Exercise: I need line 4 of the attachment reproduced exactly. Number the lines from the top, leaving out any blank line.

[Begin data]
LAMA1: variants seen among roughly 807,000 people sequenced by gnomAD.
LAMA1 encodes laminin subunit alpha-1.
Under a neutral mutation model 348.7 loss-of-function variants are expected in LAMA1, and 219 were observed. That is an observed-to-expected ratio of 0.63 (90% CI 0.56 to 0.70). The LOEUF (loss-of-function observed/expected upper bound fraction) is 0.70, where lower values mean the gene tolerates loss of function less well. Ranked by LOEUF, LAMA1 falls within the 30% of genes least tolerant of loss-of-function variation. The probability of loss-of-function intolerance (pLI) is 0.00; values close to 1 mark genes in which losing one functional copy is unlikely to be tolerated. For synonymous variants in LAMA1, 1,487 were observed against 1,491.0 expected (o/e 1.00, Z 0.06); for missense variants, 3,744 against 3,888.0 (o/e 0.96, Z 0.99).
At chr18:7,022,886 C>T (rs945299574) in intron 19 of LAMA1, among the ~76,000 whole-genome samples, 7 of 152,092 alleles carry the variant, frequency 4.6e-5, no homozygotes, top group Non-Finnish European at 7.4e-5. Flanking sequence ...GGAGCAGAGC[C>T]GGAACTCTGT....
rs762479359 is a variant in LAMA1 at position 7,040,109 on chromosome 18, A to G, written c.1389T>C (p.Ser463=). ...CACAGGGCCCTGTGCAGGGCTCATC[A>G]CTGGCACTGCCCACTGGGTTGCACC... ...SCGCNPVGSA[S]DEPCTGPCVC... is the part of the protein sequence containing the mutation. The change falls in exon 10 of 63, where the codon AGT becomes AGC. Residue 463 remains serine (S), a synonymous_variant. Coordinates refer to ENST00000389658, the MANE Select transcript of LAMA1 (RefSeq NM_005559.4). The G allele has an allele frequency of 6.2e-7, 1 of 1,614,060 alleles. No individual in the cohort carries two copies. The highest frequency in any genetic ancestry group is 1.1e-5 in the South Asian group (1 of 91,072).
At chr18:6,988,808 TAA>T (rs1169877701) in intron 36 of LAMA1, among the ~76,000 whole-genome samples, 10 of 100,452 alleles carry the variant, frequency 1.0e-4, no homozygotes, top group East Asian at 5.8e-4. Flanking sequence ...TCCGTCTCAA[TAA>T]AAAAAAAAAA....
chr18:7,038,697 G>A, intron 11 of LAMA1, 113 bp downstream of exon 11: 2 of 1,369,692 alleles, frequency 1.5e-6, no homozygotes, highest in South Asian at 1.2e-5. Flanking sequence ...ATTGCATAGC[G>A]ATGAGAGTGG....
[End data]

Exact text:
At chr18:7,022,886 C>T (rs945299574) in intron 19 of LAMA1, among the ~76,000 whole-genome samples, 7 of 152,092 alleles carry the variant, frequency 4.6e-5, no homozygotes, top group Non-Finnish European at 7.4e-5. Flanking sequence ...GGAGCAGAGC[C>T]GGAACTCTGT....